Are there any benefits in incorporating the foveated nature of human vision into image-based metrics of perception and computer vision systems? In this talk I hope to advance our understanding of this question through my work via psychophysical experiments (eye-tracking), computational modelling, and computer vision.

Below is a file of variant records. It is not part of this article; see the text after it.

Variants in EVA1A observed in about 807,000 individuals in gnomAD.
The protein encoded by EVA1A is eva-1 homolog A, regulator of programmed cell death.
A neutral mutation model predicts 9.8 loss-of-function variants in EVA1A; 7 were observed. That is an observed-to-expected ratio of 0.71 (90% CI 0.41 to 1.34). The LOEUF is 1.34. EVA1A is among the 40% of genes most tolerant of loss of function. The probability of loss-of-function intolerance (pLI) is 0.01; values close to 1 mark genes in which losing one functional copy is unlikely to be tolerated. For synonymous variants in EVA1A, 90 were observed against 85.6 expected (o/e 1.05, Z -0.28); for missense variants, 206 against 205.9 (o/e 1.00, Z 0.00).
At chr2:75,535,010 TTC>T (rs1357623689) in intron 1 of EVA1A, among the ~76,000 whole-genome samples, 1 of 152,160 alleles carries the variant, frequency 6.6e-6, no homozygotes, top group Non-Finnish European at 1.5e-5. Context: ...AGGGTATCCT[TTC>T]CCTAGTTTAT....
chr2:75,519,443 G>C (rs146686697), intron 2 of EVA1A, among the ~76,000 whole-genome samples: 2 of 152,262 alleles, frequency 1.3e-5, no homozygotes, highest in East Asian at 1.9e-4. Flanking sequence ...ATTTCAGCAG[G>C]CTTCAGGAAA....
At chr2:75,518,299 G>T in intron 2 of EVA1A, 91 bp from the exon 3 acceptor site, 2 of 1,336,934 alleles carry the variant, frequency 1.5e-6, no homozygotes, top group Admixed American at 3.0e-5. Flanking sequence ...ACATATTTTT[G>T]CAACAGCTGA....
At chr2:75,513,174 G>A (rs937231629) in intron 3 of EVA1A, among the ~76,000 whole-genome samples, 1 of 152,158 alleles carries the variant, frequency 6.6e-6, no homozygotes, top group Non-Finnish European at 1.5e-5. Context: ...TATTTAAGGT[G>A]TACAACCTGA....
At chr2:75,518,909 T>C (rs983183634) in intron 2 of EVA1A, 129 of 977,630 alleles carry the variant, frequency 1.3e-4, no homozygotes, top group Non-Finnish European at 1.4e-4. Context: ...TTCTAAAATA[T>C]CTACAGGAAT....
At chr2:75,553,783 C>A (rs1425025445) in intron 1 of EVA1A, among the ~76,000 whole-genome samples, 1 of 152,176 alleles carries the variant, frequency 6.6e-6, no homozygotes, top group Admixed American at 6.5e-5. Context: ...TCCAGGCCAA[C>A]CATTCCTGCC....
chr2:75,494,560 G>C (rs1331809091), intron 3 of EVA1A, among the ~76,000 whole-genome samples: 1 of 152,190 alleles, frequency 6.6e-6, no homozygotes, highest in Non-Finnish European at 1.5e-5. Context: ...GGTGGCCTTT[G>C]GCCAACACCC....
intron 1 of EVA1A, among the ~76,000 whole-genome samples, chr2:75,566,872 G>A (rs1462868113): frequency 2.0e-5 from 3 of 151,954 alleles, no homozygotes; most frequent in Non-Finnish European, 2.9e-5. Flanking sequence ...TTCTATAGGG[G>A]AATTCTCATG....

The first part of the talk will revolve around peripheral representations applied to human perception via their use to enhance current computational models of clutter. Our foveated clutter models use a layer of foveated pooling on top of dense feature representations to simulate crowding effects and perceptual losses as a function of retinal eccentricity. In our experiments I show that peripheral representations enhance non-foveated clutter models when correlated to behavioural outputs when observers are engaged in visual search. The second part of the talk will present a new model of foveated rendering: the NeuroFovea model which produces approximations of visual metamers via feed forward foveated style-transfer networks. I will show work in progress regarding the limitations and advantages of generative foveated models, as well as the application of these models to advanced computer vision systems that extend deep learning.